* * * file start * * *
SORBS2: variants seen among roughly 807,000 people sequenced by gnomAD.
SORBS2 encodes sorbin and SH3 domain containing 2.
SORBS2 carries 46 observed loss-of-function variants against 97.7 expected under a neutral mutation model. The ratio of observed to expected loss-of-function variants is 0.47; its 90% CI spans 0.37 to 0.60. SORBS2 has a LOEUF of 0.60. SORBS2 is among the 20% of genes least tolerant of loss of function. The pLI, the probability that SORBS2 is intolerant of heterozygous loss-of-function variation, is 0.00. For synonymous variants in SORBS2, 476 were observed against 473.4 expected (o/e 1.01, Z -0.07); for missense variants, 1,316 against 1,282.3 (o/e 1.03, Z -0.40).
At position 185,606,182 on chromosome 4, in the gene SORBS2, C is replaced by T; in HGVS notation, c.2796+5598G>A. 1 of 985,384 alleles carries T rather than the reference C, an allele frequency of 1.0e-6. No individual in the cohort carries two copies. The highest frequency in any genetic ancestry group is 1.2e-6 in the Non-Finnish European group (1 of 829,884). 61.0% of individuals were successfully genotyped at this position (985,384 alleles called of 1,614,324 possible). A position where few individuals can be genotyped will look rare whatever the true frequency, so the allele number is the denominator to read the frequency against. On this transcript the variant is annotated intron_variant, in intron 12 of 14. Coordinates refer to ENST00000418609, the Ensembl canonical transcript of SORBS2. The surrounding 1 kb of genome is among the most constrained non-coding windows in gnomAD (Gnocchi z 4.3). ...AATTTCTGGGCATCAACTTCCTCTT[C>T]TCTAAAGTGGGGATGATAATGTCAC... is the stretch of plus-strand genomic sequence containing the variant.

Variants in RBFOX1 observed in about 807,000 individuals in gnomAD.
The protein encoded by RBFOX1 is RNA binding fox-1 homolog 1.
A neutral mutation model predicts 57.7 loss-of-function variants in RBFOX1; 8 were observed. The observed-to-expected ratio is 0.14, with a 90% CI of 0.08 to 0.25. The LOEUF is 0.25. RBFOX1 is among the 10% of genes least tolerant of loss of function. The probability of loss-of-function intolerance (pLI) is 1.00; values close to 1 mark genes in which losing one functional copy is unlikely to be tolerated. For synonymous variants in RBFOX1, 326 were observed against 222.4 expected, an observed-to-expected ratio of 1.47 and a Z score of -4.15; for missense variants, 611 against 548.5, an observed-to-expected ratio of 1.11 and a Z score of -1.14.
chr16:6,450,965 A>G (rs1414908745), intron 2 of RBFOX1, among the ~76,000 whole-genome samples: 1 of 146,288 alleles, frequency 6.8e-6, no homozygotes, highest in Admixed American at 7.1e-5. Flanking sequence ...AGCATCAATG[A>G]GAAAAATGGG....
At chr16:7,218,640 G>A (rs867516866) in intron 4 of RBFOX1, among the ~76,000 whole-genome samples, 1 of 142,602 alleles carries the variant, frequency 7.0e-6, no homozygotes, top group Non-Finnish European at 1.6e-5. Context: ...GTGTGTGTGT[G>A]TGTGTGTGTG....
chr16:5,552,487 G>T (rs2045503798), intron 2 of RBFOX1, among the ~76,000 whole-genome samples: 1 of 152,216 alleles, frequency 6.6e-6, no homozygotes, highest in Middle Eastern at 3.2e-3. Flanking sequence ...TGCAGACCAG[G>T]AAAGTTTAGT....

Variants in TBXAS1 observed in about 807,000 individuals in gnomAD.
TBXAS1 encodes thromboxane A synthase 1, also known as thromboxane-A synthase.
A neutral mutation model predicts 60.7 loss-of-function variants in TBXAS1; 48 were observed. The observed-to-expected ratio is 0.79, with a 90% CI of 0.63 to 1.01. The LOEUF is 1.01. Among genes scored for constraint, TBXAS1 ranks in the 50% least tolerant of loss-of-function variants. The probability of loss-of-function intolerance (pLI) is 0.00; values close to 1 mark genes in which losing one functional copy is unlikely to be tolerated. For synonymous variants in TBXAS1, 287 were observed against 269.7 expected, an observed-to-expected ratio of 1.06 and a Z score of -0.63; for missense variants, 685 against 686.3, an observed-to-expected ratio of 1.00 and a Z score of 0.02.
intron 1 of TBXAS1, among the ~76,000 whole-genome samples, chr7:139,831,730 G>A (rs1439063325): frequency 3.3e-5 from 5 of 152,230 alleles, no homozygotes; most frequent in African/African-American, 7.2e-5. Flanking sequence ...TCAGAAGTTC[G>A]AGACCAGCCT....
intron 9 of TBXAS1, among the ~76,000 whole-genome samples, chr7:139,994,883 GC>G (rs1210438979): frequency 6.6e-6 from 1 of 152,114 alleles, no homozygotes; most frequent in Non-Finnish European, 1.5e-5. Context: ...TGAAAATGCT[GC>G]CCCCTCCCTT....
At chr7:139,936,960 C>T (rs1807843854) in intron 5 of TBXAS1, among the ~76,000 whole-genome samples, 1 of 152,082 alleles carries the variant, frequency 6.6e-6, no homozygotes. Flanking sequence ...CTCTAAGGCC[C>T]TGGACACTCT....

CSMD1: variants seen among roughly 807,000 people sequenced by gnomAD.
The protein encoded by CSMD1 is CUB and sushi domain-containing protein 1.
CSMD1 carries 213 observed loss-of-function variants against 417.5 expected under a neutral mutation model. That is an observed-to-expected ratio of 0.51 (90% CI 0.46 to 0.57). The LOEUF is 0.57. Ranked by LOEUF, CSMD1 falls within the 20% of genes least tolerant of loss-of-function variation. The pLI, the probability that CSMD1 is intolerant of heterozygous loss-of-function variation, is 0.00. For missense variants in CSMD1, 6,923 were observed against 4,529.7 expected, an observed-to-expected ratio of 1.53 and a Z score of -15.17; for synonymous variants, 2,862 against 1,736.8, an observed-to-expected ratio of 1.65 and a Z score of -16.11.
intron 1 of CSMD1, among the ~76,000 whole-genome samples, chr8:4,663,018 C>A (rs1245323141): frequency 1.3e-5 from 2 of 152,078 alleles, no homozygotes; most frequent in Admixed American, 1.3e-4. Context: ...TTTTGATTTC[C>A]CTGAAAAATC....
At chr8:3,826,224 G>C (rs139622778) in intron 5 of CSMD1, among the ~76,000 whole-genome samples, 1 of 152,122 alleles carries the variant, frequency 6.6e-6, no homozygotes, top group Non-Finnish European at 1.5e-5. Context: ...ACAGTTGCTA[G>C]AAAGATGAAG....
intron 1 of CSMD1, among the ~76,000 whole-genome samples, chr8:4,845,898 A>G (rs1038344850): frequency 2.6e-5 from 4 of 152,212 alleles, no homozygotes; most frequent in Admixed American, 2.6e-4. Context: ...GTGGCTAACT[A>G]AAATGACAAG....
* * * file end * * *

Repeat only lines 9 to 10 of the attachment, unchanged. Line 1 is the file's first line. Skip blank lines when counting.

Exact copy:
At chr16:7,218,640 G>A (rs867516866) in intron 4 of RBFOX1, among the ~76,000 whole-genome samples, 1 of 142,602 alleles carries the variant, frequency 7.0e-6, no homozygotes, top group Non-Finnish European at 1.6e-5. Context: ...GTGTGTGTGT[G>A]TGTGTGTGTG....
chr16:5,552,487 G>T (rs2045503798), intron 2 of RBFOX1, among the ~76,000 whole-genome samples: 1 of 152,216 alleles, frequency 6.6e-6, no homozygotes, highest in Middle Eastern at 3.2e-3. Flanking sequence ...TGCAGACCAG[G>T]AAAGTTTAGT....